At A Glance

What can students expect as they transition into the workforce, and how can they stand out to employers? These are the questions Neil Burton and his team seek to answer on a daily basis. As the leader of the country’s premier career center, Burton provides career guidance and resources to Clemson’s 25,000 students, and his team is a big reason why 90 percent of Clemson graduates are employed, continuing or planning to continue their education or are not currently seeking employment within six months of graduation.

Bio

By keeping his finger on the pulse of national and global job markets, and most importantly, the professional aspirations of today’s college students, Burton equipped his team to deliver the best career services in the nation through helping Clemson students achieve their goals after graduation.

Under Burton’s leadership, the Center has been ranked No. 1 by The Princeton Review three of the last five years for providing guidance and resources to Clemson’s 25,000 students. Recent data shows 90 percent of Clemson graduates are employed, planning to continue their education or are otherwise not seeking employment within six months of graduation.

Part of this success is due to the development of a platform of nine core competencies that Dr. Burton and his team developed to empower students to achieve their educational and professional goals. It also guides faculty and staff to help students realize their strengths and develop them in order to meet the demands of an evolving world. This work has informed similar efforts at universities all over the country, and the model itself has often been replicated at other schools.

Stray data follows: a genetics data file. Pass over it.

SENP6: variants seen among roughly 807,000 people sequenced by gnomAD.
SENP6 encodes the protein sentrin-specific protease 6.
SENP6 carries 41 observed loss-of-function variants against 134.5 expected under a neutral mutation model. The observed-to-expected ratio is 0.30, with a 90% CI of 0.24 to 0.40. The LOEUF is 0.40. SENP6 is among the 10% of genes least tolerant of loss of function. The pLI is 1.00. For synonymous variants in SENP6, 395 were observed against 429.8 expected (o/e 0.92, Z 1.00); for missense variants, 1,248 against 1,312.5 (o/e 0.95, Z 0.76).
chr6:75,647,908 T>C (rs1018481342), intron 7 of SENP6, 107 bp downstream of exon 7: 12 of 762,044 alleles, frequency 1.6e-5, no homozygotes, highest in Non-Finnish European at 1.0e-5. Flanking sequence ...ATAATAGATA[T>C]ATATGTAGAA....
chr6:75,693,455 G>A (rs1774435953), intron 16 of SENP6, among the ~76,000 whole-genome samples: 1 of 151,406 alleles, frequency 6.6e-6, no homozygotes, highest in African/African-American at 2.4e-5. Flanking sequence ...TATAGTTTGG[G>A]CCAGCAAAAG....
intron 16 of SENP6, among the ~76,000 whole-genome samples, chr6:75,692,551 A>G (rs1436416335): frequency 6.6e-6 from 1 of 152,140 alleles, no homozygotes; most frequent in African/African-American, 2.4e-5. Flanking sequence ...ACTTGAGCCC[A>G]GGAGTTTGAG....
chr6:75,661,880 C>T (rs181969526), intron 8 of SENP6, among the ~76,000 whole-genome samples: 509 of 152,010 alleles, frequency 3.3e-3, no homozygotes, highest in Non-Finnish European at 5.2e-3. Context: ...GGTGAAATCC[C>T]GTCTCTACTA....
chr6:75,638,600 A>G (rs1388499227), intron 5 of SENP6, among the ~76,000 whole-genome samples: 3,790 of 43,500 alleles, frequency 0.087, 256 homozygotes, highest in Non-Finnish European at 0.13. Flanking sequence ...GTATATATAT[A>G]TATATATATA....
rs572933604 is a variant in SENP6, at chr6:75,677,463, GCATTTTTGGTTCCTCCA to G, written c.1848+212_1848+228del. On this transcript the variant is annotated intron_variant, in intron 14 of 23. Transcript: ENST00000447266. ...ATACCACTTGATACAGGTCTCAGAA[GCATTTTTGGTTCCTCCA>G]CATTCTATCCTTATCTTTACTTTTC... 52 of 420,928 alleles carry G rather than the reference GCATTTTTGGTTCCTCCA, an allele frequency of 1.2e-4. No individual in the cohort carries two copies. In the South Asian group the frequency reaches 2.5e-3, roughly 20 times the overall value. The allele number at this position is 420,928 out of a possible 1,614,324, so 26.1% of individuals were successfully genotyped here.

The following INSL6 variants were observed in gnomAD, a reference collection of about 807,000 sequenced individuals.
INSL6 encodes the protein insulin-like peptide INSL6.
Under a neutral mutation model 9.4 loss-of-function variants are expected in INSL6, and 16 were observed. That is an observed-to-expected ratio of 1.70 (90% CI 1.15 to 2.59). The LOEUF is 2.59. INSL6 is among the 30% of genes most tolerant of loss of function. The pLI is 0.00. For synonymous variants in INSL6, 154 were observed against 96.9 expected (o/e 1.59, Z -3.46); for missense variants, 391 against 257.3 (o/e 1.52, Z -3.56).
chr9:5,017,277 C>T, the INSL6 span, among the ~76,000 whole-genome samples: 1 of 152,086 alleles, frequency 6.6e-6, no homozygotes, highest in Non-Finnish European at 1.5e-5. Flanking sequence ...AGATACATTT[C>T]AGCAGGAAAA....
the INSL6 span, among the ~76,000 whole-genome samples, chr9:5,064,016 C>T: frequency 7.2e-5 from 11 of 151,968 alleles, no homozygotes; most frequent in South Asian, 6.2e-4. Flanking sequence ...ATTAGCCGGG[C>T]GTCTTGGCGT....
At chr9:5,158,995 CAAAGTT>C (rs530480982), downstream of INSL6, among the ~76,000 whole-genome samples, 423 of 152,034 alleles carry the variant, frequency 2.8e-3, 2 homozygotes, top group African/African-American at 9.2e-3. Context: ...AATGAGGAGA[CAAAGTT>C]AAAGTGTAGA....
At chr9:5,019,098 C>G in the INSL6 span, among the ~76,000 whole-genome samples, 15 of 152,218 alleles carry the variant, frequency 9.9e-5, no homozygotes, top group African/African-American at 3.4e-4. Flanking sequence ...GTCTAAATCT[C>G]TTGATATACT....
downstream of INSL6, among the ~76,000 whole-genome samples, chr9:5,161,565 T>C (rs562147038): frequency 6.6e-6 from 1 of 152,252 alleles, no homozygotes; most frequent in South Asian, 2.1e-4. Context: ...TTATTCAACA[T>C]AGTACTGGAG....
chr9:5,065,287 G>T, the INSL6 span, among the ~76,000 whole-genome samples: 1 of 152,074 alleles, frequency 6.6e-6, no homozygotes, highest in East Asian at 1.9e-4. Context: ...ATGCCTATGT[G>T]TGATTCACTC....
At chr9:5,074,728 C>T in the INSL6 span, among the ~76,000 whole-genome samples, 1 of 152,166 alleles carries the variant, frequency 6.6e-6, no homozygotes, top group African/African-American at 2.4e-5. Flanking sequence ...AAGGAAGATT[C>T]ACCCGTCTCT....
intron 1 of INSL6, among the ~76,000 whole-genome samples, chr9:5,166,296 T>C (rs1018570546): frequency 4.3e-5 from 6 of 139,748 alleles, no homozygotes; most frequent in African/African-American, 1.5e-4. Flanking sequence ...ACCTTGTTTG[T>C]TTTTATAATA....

Burton and his team also built Clemson’s on-campus internship program from scratch. The University Professional Internship/Co-op Program (UPIC) annually provides over 900 paid, on-campus internships to undergraduate students. The program gives students the opportunity to expand their knowledge and gain hands-on experience in their fields of study or interest, working alongside Clemson faculty and staff. UPIC has been instrumental in creating a campuswide culture that involves students in meaningful and relevant developmental experiences.

Burton is the recipient of the Fulbright International Education Administrators Award, the Provost’s Award of Excellence for professional accomplishments, and the Talent Development Award from the Association of Public and Land-Grant Universities. In 2015, he was recognized as Outstanding Professor by Clemson’s undergraduate student government.

Burton started at Clemson in 1992, working in student financial aid until 1998 when he became assistant director of Cooperative Education. He has taught a variety of courses as an adjunct instructor in four of Clemson’s colleges, as well as at Southern Wesleyan University and Webster University.

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I can say I expect over the next couple of months that the job market is going to contract due to COVID-19 — it doesn’t take a genius to see that. But what next? What do we do with that? We’ve already seen job offers for both full time and internships being rescinded. What does that mean for our students? How are we planning to address that?